Last night I watched that corny old film Love Story (1970). I love watching films from the 70′s, I guess because I grew up then, and I enjoy relearning all the cultural information coded into the texture of the film, beyond just what the story wants me to know. The fashion, the modes of speech, the clothes, cars, hairstyles, attitudes. This is true of films from any period, but extra true of a period one has lived through.
Anyway, it was a cornball fest with somewhat interesting cultural revelations. Things such as — the characters represent these supposedly modern young people and liberated woman who don’t believe in God and shockingly choose a civil ceremony for their wedding in which they shckingly write their own vows. Yet in spite of the modern new world they live in, when she is diagnosed with the un-named fatal disease, the doctor lies to her and says everything is OK but reveals to the husband that she’s dying, and encourages him to conceal it from her, which he does.
Jesus! So in 1970 it was considered perfectly ethical to lie to patients about their diagnosis and deny them a chance to seek a second opinion? When did the AMA get together and rethink that? I believe that nowadays the doctor tells the patient the diagnosis, even if it’s a woman. Sometime between 1970 and 2008 they got that straight, but I don’t remember it happening.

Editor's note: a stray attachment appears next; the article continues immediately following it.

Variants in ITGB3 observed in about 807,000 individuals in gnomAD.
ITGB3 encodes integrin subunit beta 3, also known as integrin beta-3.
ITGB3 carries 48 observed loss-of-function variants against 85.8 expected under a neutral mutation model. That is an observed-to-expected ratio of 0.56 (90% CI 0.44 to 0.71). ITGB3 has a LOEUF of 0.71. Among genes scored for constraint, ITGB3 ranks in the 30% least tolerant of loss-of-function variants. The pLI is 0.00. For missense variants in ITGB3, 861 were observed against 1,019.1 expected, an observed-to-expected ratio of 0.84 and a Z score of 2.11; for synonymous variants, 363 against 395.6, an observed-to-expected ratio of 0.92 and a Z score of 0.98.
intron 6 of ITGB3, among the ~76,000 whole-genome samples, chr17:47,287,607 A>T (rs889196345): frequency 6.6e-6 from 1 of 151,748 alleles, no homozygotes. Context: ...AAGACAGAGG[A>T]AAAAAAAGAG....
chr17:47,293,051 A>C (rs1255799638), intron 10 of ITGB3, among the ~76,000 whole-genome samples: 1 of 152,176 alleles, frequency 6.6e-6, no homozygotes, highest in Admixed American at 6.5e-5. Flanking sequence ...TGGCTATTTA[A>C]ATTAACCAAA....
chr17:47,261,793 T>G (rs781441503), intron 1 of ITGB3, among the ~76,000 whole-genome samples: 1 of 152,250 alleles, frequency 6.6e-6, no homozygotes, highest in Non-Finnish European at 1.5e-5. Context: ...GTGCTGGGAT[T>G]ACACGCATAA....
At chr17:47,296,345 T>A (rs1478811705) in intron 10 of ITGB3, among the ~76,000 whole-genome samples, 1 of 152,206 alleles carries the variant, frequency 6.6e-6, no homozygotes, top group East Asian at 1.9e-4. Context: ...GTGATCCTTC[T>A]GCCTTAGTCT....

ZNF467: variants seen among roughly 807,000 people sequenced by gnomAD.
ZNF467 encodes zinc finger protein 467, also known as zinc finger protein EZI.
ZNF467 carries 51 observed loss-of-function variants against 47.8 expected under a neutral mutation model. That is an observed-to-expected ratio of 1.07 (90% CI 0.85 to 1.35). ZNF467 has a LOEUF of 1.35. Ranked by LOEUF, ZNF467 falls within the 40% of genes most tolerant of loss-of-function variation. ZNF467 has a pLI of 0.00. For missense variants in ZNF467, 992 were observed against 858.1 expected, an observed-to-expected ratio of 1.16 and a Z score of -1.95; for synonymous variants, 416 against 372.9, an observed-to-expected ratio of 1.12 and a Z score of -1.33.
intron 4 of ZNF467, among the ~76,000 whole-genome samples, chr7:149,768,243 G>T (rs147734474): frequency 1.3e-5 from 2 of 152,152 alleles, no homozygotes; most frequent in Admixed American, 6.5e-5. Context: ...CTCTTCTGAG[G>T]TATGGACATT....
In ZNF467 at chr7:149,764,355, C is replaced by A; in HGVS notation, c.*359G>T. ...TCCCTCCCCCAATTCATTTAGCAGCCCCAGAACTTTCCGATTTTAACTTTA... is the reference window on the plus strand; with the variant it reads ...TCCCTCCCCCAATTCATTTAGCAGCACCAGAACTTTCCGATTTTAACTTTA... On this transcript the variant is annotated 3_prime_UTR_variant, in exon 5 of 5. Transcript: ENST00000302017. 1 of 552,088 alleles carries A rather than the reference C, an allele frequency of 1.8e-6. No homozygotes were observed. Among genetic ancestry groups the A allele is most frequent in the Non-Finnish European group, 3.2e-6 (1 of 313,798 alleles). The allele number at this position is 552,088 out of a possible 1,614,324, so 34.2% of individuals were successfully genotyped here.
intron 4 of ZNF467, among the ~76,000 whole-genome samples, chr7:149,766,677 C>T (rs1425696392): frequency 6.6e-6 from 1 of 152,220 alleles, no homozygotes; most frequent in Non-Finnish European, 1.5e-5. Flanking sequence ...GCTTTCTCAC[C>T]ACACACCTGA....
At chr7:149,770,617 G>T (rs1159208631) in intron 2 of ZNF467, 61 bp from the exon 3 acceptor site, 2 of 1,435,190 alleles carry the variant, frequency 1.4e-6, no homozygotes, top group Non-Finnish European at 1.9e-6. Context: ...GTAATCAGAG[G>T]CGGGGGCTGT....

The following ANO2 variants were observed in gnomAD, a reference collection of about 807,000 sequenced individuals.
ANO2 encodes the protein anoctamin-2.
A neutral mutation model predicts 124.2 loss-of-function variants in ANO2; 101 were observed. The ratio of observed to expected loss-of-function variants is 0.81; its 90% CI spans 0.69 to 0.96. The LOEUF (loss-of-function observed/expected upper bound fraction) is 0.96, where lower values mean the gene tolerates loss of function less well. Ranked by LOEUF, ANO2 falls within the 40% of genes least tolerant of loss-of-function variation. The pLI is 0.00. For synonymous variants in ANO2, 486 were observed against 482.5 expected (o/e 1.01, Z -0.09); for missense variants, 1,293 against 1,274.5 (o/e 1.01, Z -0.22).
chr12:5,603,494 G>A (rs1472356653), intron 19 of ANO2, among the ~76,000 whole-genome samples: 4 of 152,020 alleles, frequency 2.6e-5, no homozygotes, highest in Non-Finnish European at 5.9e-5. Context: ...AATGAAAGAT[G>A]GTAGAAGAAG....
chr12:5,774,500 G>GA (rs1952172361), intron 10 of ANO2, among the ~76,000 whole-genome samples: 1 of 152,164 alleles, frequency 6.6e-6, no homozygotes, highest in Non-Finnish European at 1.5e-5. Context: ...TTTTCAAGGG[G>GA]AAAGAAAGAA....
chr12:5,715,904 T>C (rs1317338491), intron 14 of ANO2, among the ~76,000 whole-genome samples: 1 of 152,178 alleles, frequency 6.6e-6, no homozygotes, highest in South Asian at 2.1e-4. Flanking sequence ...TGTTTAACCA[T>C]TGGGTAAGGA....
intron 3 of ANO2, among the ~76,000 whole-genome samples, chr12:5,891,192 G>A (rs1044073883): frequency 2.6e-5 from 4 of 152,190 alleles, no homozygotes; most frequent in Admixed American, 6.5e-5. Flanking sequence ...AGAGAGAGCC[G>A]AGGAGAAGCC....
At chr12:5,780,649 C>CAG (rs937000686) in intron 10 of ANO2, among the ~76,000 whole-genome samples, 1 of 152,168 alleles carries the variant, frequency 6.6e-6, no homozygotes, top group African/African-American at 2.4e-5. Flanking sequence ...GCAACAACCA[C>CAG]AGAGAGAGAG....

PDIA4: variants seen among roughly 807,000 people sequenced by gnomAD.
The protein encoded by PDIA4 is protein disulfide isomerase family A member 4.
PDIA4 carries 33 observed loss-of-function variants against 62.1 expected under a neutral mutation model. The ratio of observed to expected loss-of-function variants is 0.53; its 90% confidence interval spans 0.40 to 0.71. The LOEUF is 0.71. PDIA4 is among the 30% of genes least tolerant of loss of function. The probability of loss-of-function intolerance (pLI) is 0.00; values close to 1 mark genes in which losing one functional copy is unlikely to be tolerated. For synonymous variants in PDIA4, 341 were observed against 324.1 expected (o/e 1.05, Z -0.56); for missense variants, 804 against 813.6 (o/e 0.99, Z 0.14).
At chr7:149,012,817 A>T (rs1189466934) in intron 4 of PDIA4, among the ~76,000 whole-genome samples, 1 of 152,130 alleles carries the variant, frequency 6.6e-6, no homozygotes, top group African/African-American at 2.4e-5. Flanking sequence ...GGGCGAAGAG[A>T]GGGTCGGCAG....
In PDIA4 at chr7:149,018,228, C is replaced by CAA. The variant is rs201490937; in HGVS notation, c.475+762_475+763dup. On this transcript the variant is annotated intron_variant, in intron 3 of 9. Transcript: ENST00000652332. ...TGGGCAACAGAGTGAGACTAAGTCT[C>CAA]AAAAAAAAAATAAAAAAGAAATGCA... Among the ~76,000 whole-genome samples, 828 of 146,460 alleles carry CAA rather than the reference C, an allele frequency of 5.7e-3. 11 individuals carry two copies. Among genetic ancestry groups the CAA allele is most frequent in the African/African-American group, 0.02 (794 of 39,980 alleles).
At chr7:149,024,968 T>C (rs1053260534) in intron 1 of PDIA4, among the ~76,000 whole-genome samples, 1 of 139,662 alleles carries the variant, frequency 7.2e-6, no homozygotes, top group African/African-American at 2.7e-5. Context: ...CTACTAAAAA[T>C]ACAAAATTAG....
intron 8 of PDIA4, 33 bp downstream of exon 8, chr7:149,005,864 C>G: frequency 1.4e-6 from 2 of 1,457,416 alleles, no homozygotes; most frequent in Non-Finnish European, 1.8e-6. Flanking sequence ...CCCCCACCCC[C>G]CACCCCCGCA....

The other weird bit of cultural information was the use of profanity. They say “goddamn” and “dammit” and “bullshit” a whole lot, in strangely inoccuous ways. Cheerfully, with a smile on their faces, while politely holding the door open for the other or passing the sugar. In one scene she’s leading a children’s choir in a church preparing for a Christmas play, and she says to one of the children, “Don’t bullshit me.” I’m not a prude or much of a Christian, but I believe that a person talking this way to children in a church would be considered a little bit harsh and disrepectful today. Yet we’re supposedly charmed and in love with this carefree young woman.
I’d be interested to learn about how the use of profanity has changed in time. To me all those words, which I use daily, have an edge to them and indicate some degree of harshness, anger or something. To use them in this soft and cuddly way strikes me as very false, but I remember this sort of thing from movies from this time. It’s as though either real people or just film writers were suddenly free to use them, so they overused them, diluting the meaning. And now that we’re over that, they have settled back to their original harsh meanings and usage. Or something.
Anyway, it was a dumb movie, but was still fun to watch with your goddamn girlfriend.